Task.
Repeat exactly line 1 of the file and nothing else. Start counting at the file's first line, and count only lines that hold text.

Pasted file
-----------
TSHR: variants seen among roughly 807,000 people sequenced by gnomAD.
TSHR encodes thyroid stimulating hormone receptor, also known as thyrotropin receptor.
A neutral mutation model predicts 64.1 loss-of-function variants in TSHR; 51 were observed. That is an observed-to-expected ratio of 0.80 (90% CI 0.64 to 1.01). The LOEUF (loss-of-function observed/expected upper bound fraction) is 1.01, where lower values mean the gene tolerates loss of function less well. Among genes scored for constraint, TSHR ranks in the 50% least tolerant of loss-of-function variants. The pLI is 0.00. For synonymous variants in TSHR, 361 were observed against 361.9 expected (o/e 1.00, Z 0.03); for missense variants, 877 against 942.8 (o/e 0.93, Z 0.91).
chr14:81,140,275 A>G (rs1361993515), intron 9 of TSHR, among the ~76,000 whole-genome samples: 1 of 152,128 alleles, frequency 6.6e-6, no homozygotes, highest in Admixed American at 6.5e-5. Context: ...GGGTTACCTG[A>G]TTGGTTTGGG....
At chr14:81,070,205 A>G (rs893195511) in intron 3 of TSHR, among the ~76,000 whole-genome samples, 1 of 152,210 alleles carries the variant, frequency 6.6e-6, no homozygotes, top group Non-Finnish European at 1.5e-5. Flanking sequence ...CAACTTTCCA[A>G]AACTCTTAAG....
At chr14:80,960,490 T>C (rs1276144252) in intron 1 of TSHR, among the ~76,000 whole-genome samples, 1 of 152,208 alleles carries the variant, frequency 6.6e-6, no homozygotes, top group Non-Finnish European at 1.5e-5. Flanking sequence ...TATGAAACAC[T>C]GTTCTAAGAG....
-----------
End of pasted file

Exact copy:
TSHR: variants seen among roughly 807,000 people sequenced by gnomAD.